Also unexpected: the fact that it's somehow street-legal.
Car culture takes on many different forms throughout the world, typically varying by region. In the US, we have muscle cars. Japan has its own flavor of extracting horsepower and adding style, and in the UK, there's a love for small roadsters that are great at turning up good lap times or at least making their drivers feel like rockstars behind the wheel. It's a funny obsession to have for a country that spends much of its time in bad weather, but a few clouds didn't hold back John Begley when he founded Elemental Cars and churned out the RP1.
If you haven't heard of it, maybe you need a refresher on the track car that came to last year's Goodwood Festival of Speed making bold claims. It's built to be fast but also as modern as possible and, most importantly, legal to drive on the road. Not a lot of its competition can tout that previous feature, but does that make the RP1 less of a track bruiser?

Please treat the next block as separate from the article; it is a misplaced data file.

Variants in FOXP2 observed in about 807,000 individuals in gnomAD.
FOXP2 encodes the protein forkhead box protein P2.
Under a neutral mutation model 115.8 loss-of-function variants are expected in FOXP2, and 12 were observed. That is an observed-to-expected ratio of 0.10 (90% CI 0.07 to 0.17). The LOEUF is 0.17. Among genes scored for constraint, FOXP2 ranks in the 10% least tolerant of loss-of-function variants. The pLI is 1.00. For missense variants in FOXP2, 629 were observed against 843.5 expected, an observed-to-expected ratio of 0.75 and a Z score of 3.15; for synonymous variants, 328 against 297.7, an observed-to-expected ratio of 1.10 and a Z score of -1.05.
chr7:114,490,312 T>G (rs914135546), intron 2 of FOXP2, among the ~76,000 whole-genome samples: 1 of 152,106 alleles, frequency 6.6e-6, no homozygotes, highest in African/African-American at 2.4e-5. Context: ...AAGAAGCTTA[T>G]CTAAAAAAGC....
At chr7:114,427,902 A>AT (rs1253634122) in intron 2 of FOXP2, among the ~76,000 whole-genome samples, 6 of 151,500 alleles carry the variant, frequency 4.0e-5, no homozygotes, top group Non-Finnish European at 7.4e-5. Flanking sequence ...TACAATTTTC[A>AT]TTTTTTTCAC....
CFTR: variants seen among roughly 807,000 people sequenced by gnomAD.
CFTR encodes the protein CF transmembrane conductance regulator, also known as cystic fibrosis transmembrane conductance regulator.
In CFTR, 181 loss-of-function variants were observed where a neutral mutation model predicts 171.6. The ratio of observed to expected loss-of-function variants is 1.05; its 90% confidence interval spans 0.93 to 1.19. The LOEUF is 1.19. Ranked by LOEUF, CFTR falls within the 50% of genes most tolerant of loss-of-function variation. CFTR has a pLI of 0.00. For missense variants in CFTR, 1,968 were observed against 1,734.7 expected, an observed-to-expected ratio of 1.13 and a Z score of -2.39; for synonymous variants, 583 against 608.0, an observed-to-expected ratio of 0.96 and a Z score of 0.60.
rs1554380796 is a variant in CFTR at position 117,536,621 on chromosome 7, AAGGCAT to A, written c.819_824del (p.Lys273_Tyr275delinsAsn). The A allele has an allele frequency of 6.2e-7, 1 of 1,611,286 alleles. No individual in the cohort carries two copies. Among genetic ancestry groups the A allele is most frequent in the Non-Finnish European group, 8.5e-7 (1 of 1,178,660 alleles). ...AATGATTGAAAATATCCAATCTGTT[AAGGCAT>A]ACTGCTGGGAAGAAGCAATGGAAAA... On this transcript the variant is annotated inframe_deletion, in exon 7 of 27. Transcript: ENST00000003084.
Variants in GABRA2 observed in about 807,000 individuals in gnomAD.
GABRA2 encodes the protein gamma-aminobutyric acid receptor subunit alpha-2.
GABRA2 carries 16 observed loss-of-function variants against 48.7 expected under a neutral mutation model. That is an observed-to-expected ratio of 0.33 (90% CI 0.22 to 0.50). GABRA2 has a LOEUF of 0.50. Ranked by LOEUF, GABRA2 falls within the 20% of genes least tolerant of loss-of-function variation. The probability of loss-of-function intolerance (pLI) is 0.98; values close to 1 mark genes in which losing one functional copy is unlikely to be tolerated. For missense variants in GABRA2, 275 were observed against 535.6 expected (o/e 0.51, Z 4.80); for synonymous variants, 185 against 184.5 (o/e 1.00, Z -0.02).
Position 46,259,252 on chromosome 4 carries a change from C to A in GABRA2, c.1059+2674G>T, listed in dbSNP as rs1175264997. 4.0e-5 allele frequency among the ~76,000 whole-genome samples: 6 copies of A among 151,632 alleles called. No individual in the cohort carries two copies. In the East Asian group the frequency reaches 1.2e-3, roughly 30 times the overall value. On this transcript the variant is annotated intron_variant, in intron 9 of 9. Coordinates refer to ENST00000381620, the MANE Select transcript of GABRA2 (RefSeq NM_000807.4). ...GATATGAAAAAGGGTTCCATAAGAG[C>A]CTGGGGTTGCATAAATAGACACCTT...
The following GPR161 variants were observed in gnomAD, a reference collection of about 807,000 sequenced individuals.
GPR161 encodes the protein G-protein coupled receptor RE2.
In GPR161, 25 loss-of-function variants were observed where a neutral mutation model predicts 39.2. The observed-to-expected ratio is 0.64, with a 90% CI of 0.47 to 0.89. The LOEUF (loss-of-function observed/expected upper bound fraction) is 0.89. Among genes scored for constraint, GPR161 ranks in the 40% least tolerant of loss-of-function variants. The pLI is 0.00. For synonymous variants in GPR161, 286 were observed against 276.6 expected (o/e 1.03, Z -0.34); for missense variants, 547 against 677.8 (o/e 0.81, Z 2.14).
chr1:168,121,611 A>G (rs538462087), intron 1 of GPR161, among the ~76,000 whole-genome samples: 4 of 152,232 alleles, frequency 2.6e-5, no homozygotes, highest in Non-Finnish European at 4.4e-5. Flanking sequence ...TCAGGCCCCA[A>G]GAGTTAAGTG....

Autocar was just as curious of that, so it borrowed one for an in-depth review. Fans of these sorts of British track cars that live in the US may want to pay attention because this is about as close Americans can get to these cars without buying a plane ticket to get across the pond. It's hard not to be envious of UK drivers, especially when the RP1 has variable engine maps that a driver can flick through in order to properly warm up the car or scale the horsepower back and the safety systems up if skill isn't their forte. The RP1 is precise and insane, but what else do you expect from a guy crazy enough to quit his job at McLaren to build his own track cars?